RAFAH (IRIN) - It is 1pm and the terminal building on the Palestinian side of Gaza’s only crossing into Egypt — Rafah — is empty. The desks at passport control are not even manned. Outside the terminal, a small group of Palestinians sit on benches shaded by trees waiting for the border to open. They have been waiting for three and a half hours.
Among them is Samer, a pharmacist who works with Medecins Sans Frontieres in Gaza. Her son Anwar, age five, has rickets. He has a referral from Gaza’s ministry of health to see an orthopedic surgeon in Cairo. She explains that the restrictions on the health service imposed by Israel’s blockade mean they have to travel to receive the treatment he needs.
They arrived early in the morning anticipating crowds but found none. They passed through Palestinian passport control quickly and have been waiting for the Egyptian border to open since 8am.
“It doesn’t make any difference that I work for an international health organization or that I have a huge file of papers proving that Anwar has referral for treatment in Egypt. I’m still worried we’ll be turned away,” Samer said.
According to a deal brokered by the US in 2005 when Israel withdrew its forces and settlers from Gaza, this crossing should only operate when European Union monitors are present. The EU monitors withdrew when Hamas took control of Gaza in 2007 and the border was closed to Palestinian travelers.
Following Israel’s attack on the Freedom Flotilla and the deaths of Turkish passengers on board the Mavi Marmara in May 2010, the crossing reopened to humanitarian cases on the orders of Egyptian President Hosni Mubarak. Only those with a medical referral outside Gaza, students with places at foreign universities, foreign visa holders and foreign passport holders have permission to pass. Humanitarian organizations, including the UN Office for the Coordination of Humanitarian Affairs (OCHA), say the border is still effectively closed.
Hamada al-Bayari, OCHA’s humanitarian affairs analyst in Gaza, said “Not all medical cases are allowed to cross the border, only those with a thick wad of documents proving they need treatment outside Gaza. And even if they do have referrals from the ministry of health, they can still be turned away. At least thirty to fifty people are sent back every day.”
“The crossing should be open for all civilians to come and go freely — that is a human right,” al-Bayari said.
“Regarded with suspicion”
This is the second time Samer has come to Rafah since it was reopened. The first was to attend a training session for her work in Paris. Like all Palestinians from Gaza coming into Egypt, she discovered she needed clearance from Egyptian security to enter the country, which she did not have. For 72 hours, from the time she arrived in Egypt until her flight left Cairo airport for Paris, she was held in a “transit room.”
“I said to the Egyptian officials, I’m a Palestinian, I’m a woman, you can’t ask me to stay in this one room with men, without food and water, without a bathroom, with no privacy for days. But they refused to let me pass into Cairo city even for one day. So I sat on a chair for 72 hours. A male guard had to accompany me whenever I needed to use the bathroom or to get water or food,” Samer said.
“Once you pass through to Egypt, every Palestinian is regarded with suspicion. They make you feel like you’re not a human being. The officials are very, very tough,” she added.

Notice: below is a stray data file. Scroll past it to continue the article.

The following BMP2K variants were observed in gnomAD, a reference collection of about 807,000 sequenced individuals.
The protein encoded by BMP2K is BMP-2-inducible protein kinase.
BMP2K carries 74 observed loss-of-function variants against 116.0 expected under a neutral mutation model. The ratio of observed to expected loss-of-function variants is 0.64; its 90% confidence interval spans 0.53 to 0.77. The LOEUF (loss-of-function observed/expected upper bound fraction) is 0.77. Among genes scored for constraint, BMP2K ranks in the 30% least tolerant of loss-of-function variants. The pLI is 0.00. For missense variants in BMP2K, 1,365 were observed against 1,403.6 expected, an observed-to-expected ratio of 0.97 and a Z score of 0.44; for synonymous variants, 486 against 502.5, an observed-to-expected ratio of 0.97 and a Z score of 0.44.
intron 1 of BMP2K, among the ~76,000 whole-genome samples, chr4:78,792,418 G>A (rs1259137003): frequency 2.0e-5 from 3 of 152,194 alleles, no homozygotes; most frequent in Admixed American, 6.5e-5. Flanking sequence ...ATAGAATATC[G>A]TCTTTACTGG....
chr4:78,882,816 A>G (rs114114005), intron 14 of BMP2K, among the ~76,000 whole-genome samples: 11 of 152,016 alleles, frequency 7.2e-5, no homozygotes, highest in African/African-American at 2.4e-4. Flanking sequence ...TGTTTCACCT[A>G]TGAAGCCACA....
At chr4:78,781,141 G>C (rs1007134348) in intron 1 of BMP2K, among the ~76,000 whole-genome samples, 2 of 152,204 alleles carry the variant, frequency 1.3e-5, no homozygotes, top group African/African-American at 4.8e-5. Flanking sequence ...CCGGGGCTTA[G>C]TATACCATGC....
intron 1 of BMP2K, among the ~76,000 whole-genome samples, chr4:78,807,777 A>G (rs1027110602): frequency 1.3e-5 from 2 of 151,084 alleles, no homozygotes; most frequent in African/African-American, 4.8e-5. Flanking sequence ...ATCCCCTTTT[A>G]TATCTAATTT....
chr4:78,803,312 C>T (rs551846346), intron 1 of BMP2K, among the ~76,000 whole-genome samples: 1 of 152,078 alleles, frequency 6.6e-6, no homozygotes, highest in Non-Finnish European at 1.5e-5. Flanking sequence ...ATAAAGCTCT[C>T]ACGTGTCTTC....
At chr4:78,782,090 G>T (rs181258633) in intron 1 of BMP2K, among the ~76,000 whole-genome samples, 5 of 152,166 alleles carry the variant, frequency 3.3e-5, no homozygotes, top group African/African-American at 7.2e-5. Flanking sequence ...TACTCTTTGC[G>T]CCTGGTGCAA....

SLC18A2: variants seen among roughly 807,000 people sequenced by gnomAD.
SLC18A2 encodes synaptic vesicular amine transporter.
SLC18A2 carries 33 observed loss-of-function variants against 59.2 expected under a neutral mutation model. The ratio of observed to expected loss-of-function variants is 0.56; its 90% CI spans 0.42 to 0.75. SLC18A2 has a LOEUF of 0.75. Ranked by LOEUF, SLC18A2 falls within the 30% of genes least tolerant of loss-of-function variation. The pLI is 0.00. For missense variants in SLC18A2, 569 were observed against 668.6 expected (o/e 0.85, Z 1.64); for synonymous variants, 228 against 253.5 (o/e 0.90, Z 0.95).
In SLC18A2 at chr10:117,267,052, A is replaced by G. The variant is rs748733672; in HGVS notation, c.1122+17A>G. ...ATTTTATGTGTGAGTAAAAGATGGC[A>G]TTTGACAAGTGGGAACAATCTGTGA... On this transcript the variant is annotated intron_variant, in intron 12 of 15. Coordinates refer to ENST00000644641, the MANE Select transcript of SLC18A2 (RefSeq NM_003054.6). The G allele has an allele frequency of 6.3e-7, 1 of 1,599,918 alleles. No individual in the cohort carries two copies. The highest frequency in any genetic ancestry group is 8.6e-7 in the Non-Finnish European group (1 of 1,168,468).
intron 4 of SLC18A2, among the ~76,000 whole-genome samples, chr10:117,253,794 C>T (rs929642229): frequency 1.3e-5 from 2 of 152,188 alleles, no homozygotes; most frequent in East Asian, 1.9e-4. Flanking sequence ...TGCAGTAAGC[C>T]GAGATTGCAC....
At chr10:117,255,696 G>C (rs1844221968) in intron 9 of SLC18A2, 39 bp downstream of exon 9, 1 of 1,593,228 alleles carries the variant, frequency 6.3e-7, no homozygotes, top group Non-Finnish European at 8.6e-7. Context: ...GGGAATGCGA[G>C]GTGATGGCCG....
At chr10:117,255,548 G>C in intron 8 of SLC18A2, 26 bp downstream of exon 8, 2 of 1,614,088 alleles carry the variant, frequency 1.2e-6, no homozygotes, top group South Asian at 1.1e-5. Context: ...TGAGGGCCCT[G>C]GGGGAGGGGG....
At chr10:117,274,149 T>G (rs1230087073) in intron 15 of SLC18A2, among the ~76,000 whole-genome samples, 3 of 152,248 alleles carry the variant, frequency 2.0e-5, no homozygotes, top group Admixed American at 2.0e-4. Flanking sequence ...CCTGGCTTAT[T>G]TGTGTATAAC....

Hossan Zaki, a spokesperson for Egypt’s Ministry of Foreign Affairs, denies Egypt is failing to meet the humanitarian needs of Palestinians attempting to cross through Rafah: “The data demonstrates very clearly that the crossing has been an open valve for the population of Gaza. Since June 2010 when the president of Egypt decided to open it indefinitely, a little less than 200,000 people have crossed. If one or more people don’t like the way the crossing is operating on the Egypt side, that is their problem.”
“Any claim that there should be free movement for all Palestinians from Gaza into Egypt is a joke. People speaking in these terms must have no idea of the background to this issue,” Zaki said.
According to data collected by OCHA, 60,139 individuals have passed from Gaza through Rafah since June this year, and 63,323 have crossed into Gaza from Egypt, making a total of 123,462.
“People wait for hours”
Like Samer, Husam Abadin is hoping to travel to Egypt to seek medical treatment for a ruptured disk that presses on his spine. He also works for a nongovernmental organization. He has been waiting for the crossing to open for three hours.
“Can you call this crossing open?” he asks, nodding in the direction of Egypt. “Things just aren’t moving on that side. There’s a four-month-old on a bus over there who has a face like a tomato, he’s so hot. He and his mother have also been waiting since early this morning.”
Listening to Abadin describe his experience, a Gaza border official smiles ruefully. He is familiar with the story. “It’s better here now [that] the border is open but every day people wait for hours. Sometimes it’s because they [Egyptian officials] are praying, sometimes they’re having lunch and sometimes they just close the border without giving any reason at all,” he said.
“After people have waited here for hours they often get turned away. Sometimes the Egyptians say it’s because there is no security coordination; sometimes they say they suspect the referrals are fake. There’s never any way of knowing whether you will make it through to the other side,” he said.
According to Zaki, Egypt runs Rafah crossing according to the country’s rules and regulations. “Not every single case that applies for crossing from Gaza into Egypt will be automatically accepted. This is our sovereign right,” he said.
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